A PARTNERSHIP between Belmont Police and the City of Belmont has helped reduce burglary offences and car thefts in the area by 17.7 per cent and 36.2 per cent respectively.
Despite this reduction, general stealing was higher with 1262 thefts from motor vehicles, or 3.46 cars a day.
Here are the top five ways they reduced these crimes:
- Community watch patrols crime “hot-spots”
- Offenders are identified via CCTV
- Residents share crime information on social media
- Community members are vigilant
- Police report crime statistics online
Police have been responsible for managing criminal activity and reporting statistics online on social media platforms such as Twitter to raise awareness.
Belmont chief executive John Christie said the use of social media encouraged community members to be vigilant and demonstrated the outcomes of current police measures.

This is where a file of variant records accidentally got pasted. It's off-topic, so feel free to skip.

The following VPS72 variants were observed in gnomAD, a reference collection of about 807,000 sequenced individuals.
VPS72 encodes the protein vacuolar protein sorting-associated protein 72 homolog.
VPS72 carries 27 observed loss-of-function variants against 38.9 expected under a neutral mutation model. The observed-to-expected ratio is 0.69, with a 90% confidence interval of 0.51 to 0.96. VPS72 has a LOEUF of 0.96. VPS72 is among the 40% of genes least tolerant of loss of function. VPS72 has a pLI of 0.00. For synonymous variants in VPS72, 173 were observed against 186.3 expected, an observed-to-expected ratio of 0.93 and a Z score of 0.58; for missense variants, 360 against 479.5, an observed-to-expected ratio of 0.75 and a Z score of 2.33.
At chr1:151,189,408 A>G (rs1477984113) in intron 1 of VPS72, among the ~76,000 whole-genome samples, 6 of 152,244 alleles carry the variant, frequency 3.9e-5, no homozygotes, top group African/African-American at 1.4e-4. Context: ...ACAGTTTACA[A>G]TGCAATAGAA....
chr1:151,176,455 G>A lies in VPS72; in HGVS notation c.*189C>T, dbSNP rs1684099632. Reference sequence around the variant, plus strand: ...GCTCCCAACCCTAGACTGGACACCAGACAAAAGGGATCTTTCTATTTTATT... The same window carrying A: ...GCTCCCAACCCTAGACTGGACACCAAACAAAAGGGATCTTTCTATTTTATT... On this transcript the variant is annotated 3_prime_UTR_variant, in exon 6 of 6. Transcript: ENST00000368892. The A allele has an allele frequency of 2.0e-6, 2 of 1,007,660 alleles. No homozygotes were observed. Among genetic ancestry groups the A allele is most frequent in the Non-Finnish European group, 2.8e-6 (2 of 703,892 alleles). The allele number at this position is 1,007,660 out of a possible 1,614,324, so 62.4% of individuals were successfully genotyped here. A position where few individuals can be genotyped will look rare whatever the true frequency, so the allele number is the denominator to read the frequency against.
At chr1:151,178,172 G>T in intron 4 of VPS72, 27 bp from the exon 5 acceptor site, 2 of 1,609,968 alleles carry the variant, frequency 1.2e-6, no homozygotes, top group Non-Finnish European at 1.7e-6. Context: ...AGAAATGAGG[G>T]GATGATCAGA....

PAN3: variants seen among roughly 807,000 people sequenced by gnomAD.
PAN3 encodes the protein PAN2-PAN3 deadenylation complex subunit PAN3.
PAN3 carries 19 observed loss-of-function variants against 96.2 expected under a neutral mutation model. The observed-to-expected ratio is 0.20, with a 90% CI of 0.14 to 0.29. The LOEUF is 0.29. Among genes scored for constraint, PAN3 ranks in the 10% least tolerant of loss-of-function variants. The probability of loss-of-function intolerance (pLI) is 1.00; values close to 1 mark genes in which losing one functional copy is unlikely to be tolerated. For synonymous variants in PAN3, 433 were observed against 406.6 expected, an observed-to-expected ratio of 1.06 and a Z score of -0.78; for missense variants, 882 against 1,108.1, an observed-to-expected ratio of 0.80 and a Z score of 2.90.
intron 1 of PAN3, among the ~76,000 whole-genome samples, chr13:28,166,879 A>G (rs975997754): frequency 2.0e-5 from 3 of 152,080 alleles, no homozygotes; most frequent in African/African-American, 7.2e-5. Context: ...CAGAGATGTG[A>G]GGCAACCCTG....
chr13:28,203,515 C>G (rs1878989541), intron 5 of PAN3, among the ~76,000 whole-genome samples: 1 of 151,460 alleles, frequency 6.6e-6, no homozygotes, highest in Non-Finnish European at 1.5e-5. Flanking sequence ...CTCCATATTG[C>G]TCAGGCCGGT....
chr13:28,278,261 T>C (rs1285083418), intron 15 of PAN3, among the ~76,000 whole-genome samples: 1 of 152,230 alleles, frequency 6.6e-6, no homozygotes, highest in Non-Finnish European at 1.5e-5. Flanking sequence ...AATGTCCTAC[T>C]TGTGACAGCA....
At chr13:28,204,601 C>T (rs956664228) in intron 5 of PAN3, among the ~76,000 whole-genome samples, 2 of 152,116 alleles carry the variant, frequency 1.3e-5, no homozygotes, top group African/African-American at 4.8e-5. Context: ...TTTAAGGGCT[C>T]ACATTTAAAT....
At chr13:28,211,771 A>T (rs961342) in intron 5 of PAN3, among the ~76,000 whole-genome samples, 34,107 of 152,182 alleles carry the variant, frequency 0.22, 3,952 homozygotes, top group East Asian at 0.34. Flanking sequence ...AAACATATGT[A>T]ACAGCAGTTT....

“Community social media activity can be very effective; however it must be used responsibly as an information sharing tool,” Mr Christie said.
“The more members of the community that can be encouraged to report suspicious activity and crime to police, the better.”
WA Police have been regularly identifying offenders through the use of CCTV provided by the City of Belmont.
The council is contributing $100,000 towards CCTV footage for the 2018-19 financial year.
City of Belmont Community Watch patrols that target ‘hot spot’ crime locations identified by police assist in bringing offenders to justice.
Residents have also spread awareness and contributed to the reduced crime in Belmont with the Facebook group Belmont (WA) Community Watch, a tool that encourages the reporting of criminal activity and informs the community of suspicious behaviour.